To identify your Emergency Evacuation Zone, check out the Emergency Information section of County of Santa Barbara website (countyofsb.org). When the site opens, click on the Red Bar labeled “Interactive Evacuation Map,” which displays the Montecito Evacuation Zones. You will have to play with the “Zoom In-Out Feature” to find your own residence and its Evacuation Zone Code.

As part of Montecito’s re-population, the voluntary evacuation designation will be lifted north of the 101, west of Olive Mill/Mesa Road/Oak Road, south of Hot Springs Rd/Sycamore Canyon Road, east of Eucalyptus Tree Road/El Rancho Road/Camino Viejo Road/Summit Road/Hot Springs Road.

The mandatory evacuation warning will be lifted for the area bounded by Ayala Lane, Ashley Road north of Sycamore Canyon Road to the 700 block of Ashley, east of Cold Spring Road, south of East Mountain Drive to the 800 block of E. Mountain Drive.

Residents needing wheel chair assistance to return to their residences can call Easy Lift at (805) 681-1180.

2nd Residential Re-population Zone: Wednesday, January 24

Wednesday, January 24 will mark the 2nd residential area in Montecito to be re-populated.  Targeted areas are Evacuation Zones MTO 13, which runs from the 101 down to Channel Drive, and the eastern portion of MTO 14, which runs from Jameson Lane down to Hammonds Beach but excludes the areas around Bonnymede and Montecito Shores in the western part of MTO 14. The same rules as above would apply.

The Four Seasons Santa Barbara Biltmore, undergoing their second closure and restoration since the Thomas Fire began last month, reports that their re-opening date is estimated to be April 1.

3rd Residential Re-Population Zone: Possibly Within the Next 5 Days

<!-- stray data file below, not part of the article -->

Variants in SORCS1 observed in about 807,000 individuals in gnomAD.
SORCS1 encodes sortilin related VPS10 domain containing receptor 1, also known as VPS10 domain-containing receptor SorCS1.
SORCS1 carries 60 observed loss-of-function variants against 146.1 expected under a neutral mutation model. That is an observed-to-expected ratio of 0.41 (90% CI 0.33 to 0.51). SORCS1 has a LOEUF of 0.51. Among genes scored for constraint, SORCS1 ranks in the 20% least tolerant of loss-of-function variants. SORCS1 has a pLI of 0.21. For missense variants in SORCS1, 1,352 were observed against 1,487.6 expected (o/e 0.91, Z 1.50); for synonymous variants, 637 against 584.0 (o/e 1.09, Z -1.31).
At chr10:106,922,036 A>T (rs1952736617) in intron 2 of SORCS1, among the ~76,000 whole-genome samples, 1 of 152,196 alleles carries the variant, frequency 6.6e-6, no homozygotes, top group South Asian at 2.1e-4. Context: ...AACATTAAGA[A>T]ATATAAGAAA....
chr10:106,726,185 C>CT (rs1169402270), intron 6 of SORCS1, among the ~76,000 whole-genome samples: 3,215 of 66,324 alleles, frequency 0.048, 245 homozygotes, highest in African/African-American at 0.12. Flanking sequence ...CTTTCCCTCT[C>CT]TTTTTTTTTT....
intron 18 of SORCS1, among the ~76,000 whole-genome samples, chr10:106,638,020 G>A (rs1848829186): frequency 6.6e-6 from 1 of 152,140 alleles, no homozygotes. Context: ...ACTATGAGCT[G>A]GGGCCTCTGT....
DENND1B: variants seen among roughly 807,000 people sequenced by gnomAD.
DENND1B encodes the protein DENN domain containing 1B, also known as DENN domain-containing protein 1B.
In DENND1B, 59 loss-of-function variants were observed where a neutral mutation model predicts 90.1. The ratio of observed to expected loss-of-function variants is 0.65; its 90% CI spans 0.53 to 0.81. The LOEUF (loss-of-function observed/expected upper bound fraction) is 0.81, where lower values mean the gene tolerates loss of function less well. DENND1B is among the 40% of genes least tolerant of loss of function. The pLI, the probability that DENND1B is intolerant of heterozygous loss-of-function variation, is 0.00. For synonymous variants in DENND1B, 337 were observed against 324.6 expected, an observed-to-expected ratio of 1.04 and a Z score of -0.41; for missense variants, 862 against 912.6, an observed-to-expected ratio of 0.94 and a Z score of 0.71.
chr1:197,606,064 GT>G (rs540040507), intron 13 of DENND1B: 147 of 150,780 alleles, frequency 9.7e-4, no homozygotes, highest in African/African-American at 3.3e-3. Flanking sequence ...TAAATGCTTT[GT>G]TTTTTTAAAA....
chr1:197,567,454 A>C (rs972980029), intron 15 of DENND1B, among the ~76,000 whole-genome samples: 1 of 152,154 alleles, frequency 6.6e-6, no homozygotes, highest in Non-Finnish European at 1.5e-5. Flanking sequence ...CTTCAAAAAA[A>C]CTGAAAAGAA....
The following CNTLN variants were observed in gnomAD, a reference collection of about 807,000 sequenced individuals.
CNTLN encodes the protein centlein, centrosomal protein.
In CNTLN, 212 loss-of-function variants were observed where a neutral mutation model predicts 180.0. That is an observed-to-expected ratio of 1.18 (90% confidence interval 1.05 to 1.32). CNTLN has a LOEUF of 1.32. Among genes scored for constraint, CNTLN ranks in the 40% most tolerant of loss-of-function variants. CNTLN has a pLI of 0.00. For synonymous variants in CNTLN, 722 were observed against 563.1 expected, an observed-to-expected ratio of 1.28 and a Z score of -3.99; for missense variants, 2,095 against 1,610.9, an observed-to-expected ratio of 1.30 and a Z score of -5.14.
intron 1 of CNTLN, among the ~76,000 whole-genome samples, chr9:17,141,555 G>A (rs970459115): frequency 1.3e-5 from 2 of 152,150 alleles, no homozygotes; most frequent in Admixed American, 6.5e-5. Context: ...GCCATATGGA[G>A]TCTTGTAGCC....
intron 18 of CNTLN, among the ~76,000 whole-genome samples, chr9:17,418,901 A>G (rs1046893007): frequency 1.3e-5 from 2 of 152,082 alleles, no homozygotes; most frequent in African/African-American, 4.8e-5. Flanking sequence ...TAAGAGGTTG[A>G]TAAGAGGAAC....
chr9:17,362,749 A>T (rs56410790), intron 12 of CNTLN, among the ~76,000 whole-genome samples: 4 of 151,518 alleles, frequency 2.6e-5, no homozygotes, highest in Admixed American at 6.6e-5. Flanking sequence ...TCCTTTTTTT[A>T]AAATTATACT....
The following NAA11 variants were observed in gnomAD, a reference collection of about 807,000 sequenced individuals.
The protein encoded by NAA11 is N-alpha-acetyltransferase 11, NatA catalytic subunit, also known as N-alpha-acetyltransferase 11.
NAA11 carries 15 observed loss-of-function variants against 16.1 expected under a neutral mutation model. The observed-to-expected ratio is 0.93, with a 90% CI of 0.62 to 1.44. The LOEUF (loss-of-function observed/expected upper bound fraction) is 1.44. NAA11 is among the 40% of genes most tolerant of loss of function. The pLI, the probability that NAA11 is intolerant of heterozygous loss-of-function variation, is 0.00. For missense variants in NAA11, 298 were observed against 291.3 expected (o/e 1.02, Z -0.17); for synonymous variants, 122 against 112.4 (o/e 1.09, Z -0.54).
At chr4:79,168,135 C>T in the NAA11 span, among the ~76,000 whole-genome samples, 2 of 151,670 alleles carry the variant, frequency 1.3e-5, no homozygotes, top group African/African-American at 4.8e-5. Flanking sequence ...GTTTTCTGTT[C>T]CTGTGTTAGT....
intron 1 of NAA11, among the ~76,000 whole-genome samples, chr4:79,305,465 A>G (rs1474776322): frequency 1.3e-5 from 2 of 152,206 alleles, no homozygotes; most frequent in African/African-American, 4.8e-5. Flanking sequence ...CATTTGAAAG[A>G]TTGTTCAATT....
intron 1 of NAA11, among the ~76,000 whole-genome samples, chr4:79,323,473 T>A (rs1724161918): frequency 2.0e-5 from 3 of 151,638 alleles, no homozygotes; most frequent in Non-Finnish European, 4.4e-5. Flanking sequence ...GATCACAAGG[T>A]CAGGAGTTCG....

Within the next five days, the re-populating effort is expected to move to a portion of Emergency Evacuation Zone MTO 11, likely including residential homes in Birnam Wood, Ennisbrook and Montecito Ranch, all having access from Sheffield Drive, south of 192 East Valley Road. The same rules as above would apply.

Next Steps After Re-Population

Residents who return to their homes will be eager to retain private contractors to clean up mud on private property. That muck and mud contains a high degree of toxicity from fecal matter from broken sewer lines; petroleum hydrocarbons from motor oil, gasoline and diesel engines; and even poison ivy.

According to the Santa Barbara County Public Health Department, precautionary measures should include a tetanus booster for those who have not had a tetanus shot in the last ten years; wearing long-sleeved shirts, boots and nitrile gloves, goggles; and taking other appropriate safety and protection measures.

Residents who hire contractors, or use their own employees in cleanup, or do work themselves are encouraged to contact the Public Health Department to learn about best practices.  Special questions can be directed to Dr. Charity Dean, the county’s Health Officer, at charity.dean@sbcphd.org or by calling (805) 681-5152.

SoCal Gas Update:  Re-populated Residents

SoCal Gas has completed its assessment of the gas lines in Montecito and is currently making repairs near the Summit Road, Ortega Ridge Road, Hill Road and Coast Village Road areas. Natural gas service has been restored to 596 homes and 46 businesses along Coast Village Road as of January 22. Next up is restoration of service to some 600 customers west of Sheffield Drive.